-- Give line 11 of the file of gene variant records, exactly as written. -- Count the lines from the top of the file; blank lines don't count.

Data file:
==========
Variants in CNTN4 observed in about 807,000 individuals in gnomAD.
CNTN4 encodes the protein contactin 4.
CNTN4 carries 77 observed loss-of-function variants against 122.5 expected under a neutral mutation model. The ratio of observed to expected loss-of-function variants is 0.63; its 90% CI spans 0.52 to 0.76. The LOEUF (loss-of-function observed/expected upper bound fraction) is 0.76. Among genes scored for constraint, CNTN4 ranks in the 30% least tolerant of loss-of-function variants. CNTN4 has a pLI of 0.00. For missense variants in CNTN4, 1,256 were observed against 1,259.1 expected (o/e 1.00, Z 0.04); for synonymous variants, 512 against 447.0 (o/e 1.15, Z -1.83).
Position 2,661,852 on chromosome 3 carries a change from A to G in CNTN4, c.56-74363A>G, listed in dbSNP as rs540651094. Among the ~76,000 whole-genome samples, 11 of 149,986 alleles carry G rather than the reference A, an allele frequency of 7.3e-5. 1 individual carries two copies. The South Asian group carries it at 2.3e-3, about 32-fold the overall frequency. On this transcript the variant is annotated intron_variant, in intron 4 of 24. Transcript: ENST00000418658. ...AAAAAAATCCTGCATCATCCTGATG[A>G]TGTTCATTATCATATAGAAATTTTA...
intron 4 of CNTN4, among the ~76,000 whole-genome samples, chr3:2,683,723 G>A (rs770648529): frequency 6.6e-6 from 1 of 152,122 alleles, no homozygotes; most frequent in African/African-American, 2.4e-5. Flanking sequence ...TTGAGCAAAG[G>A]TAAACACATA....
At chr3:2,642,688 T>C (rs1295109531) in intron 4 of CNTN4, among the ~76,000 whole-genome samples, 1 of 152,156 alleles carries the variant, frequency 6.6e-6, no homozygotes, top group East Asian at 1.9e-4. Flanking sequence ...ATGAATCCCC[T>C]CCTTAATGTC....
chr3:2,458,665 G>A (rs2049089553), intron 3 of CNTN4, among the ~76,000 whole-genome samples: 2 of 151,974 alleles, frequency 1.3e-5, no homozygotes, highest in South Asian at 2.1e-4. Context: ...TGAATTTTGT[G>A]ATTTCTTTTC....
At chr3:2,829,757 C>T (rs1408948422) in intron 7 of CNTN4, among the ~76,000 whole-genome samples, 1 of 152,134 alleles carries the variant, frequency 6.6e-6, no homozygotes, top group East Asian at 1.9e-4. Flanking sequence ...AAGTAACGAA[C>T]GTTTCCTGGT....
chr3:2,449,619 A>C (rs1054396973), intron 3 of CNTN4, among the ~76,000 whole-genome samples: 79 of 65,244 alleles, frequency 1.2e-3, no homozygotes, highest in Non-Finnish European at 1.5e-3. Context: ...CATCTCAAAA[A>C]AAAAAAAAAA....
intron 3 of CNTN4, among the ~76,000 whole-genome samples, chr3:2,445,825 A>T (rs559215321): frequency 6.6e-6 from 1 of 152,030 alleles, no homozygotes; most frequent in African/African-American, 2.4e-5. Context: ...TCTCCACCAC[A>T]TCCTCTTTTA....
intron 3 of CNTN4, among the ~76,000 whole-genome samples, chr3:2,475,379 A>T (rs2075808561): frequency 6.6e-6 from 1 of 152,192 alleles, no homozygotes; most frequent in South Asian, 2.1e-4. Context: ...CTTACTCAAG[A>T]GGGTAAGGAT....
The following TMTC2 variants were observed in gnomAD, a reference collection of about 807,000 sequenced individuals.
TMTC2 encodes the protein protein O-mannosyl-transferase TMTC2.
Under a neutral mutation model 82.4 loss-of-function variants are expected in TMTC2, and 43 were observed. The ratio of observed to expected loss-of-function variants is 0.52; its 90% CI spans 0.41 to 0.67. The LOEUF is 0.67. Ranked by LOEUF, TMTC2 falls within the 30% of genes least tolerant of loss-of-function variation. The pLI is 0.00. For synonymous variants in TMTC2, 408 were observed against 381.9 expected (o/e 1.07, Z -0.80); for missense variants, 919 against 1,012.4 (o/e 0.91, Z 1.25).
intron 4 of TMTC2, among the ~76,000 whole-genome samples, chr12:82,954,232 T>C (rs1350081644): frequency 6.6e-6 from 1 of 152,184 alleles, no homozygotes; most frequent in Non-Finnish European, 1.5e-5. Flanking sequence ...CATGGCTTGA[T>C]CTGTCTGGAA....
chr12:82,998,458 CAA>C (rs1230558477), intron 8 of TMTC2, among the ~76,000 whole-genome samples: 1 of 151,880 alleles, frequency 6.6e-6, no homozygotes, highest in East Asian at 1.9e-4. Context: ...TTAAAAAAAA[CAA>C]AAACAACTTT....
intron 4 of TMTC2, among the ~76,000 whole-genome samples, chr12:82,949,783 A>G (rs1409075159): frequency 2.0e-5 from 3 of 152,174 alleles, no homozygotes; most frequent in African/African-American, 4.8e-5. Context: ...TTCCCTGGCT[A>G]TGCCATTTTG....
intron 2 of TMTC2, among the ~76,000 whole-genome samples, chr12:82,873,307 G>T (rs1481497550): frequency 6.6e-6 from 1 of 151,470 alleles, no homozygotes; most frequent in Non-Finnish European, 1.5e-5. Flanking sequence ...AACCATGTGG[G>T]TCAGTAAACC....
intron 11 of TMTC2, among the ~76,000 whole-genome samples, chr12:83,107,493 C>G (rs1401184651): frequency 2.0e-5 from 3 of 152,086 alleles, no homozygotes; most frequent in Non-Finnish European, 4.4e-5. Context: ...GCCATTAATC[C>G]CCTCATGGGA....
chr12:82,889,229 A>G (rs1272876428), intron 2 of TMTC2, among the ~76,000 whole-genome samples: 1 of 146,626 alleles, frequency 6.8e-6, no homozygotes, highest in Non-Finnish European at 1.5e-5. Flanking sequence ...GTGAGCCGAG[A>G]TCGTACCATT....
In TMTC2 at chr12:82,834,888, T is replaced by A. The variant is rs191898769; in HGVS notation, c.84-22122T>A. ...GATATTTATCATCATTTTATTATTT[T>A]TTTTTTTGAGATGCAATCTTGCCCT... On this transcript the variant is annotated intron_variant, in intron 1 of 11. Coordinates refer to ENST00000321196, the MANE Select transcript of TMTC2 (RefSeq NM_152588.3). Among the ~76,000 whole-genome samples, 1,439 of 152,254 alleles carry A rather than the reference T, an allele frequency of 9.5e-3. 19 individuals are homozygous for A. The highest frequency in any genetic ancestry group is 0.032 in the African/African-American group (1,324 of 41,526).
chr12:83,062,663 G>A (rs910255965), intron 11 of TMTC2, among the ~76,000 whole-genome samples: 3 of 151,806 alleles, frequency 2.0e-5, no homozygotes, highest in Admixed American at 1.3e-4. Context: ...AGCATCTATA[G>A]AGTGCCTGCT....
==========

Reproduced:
intron 3 of CNTN4, among the ~76,000 whole-genome samples, chr3:2,475,379 A>T (rs2075808561): frequency 6.6e-6 from 1 of 152,192 alleles, no homozygotes; most frequent in South Asian, 2.1e-4. Context: ...CTTACTCAAG[A>T]GGGTAAGGAT....